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  #11  
Old 4th June 2008, 03:56 PM
Ron Conte Ron Conte is offline
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I don't recommend Janet Smith's moral theology.

The article you cite openly opposes the encyclical Veritatis Splendor, and openly defends the moral theology of proportionalism (which does not hold any act to be intrinsically evil and always immoral).

In her article that you cite, she deliberately uses a set of terms and definitions, constructed so that there is no such thing as an objective sin. Now it is true that culplable sin only occurs with a knowing intention (actual sin), but it is not true that, lacking culpability due to a defect of knowledge, there is no sin at all but merely a deficiency that is not of the moral order (she gives the example of limping).

She claims that the Magisterium is not talking about moral evil or sin when it says something is intrinsically evil. So she has re-defined the term intrinsic evil so that it no longer refers to morality or culpability at all.

She further claims that intrinsically evil acts only refer to the intended end, not to the act itself.

She repeatedly and deliberately opposes Magisterial teaching, even openly, and she uses the clever definition or re-definition of terminology in order to negate the clear and definitive teaching of the Magisterium. She openly supports proportionalism.
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  #12  
Old 4th June 2008, 04:28 PM
St. Thomas More St. Thomas More is offline
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Did I misread this article? I thought Dr. Janet Smith was arguing against proportionalism and upholding the Thomistic view, which she refers to as "the tradition" in this article.
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  #13  
Old 4th June 2008, 05:41 PM
Ron Conte Ron Conte is offline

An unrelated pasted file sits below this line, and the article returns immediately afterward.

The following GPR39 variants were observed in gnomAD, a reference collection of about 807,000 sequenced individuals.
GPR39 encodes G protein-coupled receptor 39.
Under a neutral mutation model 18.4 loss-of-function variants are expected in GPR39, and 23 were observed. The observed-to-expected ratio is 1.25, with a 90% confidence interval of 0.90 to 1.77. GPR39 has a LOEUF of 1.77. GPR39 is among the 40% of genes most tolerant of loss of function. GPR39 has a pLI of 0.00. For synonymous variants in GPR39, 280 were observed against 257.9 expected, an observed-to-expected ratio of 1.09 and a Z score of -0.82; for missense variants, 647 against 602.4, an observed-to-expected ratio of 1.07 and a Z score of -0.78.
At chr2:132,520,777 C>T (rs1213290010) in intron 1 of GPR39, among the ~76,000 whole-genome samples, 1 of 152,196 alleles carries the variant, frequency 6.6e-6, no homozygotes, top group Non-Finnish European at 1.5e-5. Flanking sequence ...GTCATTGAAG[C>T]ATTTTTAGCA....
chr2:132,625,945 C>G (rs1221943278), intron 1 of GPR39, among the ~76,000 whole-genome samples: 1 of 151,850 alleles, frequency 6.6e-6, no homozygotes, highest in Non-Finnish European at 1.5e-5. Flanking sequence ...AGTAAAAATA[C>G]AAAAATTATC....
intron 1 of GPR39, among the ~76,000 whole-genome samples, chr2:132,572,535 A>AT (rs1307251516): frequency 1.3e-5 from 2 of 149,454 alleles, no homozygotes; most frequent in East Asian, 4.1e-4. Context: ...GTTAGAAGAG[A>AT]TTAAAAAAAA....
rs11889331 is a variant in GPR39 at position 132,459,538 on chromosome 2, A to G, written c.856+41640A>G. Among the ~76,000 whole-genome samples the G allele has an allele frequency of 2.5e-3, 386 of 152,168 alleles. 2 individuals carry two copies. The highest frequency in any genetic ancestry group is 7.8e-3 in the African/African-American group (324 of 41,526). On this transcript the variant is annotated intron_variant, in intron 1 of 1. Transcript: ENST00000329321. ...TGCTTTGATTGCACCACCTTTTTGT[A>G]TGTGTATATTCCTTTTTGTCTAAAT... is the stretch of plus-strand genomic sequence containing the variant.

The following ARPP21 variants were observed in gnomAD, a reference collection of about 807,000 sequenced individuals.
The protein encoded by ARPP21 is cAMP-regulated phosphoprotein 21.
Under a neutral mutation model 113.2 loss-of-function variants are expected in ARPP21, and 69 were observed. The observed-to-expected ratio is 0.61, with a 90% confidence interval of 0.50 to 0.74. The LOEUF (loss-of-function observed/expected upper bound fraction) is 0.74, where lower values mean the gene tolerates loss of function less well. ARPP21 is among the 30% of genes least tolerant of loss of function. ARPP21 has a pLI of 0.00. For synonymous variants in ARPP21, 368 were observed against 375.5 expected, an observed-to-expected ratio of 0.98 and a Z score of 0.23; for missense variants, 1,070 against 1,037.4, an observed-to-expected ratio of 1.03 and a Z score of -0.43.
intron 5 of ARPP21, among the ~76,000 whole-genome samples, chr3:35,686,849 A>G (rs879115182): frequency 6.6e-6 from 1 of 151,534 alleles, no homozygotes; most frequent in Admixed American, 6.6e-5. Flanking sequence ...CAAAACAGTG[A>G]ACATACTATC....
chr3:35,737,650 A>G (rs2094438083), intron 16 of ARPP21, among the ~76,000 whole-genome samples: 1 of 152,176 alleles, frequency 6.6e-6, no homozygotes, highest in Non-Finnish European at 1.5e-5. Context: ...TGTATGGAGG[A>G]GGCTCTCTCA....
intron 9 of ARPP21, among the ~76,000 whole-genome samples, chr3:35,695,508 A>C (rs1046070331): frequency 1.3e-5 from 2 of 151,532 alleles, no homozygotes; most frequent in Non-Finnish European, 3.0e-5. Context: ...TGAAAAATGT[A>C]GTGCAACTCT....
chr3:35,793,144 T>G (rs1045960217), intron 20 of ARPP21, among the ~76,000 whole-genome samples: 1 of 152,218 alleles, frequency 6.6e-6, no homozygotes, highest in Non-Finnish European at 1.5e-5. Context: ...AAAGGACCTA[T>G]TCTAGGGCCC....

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Yes, you misread the article. She re-interprets St. Thomas and she re-defines his terminology in order to support proportionalism and undermine the teaching of Veritatis that certain kinds of acts are always immoral. She does this in a way so as to claim that she is within the traditional theological view (not Sacred Tradition), but I've studied St. Thomas' work extensively and her presentation is a severe distortion of his ideas.

Let me make a general recommendation to all the members.
Read the Bible, the Catechism (or the Compendium), encyclicals and Magisterial documents, inspirational writings of Saints and Blesseds and Doctors and Fathers of the Church.

Be very cautious about which theologians works you read. There is a lot of harmful theology being written, even by theologians who have positions at respected Catholic institutions, or who have various credentials, or who have good reputations.
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  #14  
Old 4th June 2008, 08:04 PM
St. Thomas More St. Thomas More is offline
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Excellent. Thanks.
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  #15  
Old 7th August 2008, 08:11 AM
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Sacredcello Sacredcello is offline
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Quote:
Originally Posted by Ron Conte View Post
Let me make a general recommendation to all the members.
Read the Bible, the Catechism (or the Compendium), encyclicals and Magisterial documents, inspirational writings of Saints and Blesseds and Doctors and Fathers of the Church.

Be very cautious about which theologians works you read. There is a lot of harmful theology being written, even by theologians who have positions at respected Catholic institutions, or who have various credentials, or who have good reputations.